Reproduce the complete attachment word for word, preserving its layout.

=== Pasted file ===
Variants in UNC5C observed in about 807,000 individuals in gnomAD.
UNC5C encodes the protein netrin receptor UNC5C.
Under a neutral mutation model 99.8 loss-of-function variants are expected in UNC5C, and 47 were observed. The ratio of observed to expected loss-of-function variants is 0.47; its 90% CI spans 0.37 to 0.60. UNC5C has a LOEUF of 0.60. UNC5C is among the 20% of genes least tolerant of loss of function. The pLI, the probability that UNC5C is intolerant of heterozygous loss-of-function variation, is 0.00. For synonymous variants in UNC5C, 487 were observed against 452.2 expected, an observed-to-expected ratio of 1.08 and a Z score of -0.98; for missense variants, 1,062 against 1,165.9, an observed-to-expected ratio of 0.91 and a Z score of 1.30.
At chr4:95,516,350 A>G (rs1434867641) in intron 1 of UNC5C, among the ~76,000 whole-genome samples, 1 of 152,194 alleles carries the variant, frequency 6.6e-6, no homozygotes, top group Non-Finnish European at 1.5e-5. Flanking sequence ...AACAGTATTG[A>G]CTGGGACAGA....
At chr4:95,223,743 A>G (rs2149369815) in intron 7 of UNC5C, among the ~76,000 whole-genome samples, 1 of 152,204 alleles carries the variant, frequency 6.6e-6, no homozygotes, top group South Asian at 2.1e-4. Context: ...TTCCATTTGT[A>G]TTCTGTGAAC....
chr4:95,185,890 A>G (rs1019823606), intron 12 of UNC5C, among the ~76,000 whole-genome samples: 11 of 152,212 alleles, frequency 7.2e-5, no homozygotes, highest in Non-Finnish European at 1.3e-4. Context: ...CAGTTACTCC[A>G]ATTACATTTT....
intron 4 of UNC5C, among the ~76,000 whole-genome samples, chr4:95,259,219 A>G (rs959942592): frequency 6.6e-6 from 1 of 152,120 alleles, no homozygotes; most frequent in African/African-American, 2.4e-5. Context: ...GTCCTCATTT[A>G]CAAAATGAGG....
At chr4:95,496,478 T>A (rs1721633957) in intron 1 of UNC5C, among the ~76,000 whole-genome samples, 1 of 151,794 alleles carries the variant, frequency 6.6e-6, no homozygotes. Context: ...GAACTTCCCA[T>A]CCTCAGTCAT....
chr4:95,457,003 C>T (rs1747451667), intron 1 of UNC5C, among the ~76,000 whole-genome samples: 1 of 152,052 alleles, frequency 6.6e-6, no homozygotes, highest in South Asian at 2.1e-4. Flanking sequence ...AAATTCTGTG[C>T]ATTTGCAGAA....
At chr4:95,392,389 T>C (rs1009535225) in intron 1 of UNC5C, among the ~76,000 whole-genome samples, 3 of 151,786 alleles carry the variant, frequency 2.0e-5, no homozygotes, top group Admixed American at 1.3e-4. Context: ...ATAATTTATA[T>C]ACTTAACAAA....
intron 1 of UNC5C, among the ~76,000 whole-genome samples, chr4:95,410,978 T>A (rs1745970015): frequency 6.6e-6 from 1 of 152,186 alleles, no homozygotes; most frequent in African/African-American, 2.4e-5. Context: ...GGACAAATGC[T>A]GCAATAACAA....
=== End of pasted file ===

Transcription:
Variants in UNC5C observed in about 807,000 individuals in gnomAD.
UNC5C encodes the protein netrin receptor UNC5C.
Under a neutral mutation model 99.8 loss-of-function variants are expected in UNC5C, and 47 were observed. The ratio of observed to expected loss-of-function variants is 0.47; its 90% CI spans 0.37 to 0.60. UNC5C has a LOEUF of 0.60. UNC5C is among the 20% of genes least tolerant of loss of function. The pLI, the probability that UNC5C is intolerant of heterozygous loss-of-function variation, is 0.00. For synonymous variants in UNC5C, 487 were observed against 452.2 expected, an observed-to-expected ratio of 1.08 and a Z score of -0.98; for missense variants, 1,062 against 1,165.9, an observed-to-expected ratio of 0.91 and a Z score of 1.30.
At chr4:95,516,350 A>G (rs1434867641) in intron 1 of UNC5C, among the ~76,000 whole-genome samples, 1 of 152,194 alleles carries the variant, frequency 6.6e-6, no homozygotes, top group Non-Finnish European at 1.5e-5. Flanking sequence ...AACAGTATTG[A>G]CTGGGACAGA....
At chr4:95,223,743 A>G (rs2149369815) in intron 7 of UNC5C, among the ~76,000 whole-genome samples, 1 of 152,204 alleles carries the variant, frequency 6.6e-6, no homozygotes, top group South Asian at 2.1e-4. Context: ...TTCCATTTGT[A>G]TTCTGTGAAC....
chr4:95,185,890 A>G (rs1019823606), intron 12 of UNC5C, among the ~76,000 whole-genome samples: 11 of 152,212 alleles, frequency 7.2e-5, no homozygotes, highest in Non-Finnish European at 1.3e-4. Context: ...CAGTTACTCC[A>G]ATTACATTTT....
intron 4 of UNC5C, among the ~76,000 whole-genome samples, chr4:95,259,219 A>G (rs959942592): frequency 6.6e-6 from 1 of 152,120 alleles, no homozygotes; most frequent in African/African-American, 2.4e-5. Context: ...GTCCTCATTT[A>G]CAAAATGAGG....
At chr4:95,496,478 T>A (rs1721633957) in intron 1 of UNC5C, among the ~76,000 whole-genome samples, 1 of 151,794 alleles carries the variant, frequency 6.6e-6, no homozygotes. Context: ...GAACTTCCCA[T>A]CCTCAGTCAT....
chr4:95,457,003 C>T (rs1747451667), intron 1 of UNC5C, among the ~76,000 whole-genome samples: 1 of 152,052 alleles, frequency 6.6e-6, no homozygotes, highest in South Asian at 2.1e-4. Flanking sequence ...AAATTCTGTG[C>T]ATTTGCAGAA....
At chr4:95,392,389 T>C (rs1009535225) in intron 1 of UNC5C, among the ~76,000 whole-genome samples, 3 of 151,786 alleles carry the variant, frequency 2.0e-5, no homozygotes, top group Admixed American at 1.3e-4. Context: ...ATAATTTATA[T>C]ACTTAACAAA....
intron 1 of UNC5C, among the ~76,000 whole-genome samples, chr4:95,410,978 T>A (rs1745970015): frequency 6.6e-6 from 1 of 152,186 alleles, no homozygotes; most frequent in African/African-American, 2.4e-5. Context: ...GGACAAATGC[T>A]GCAATAACAA....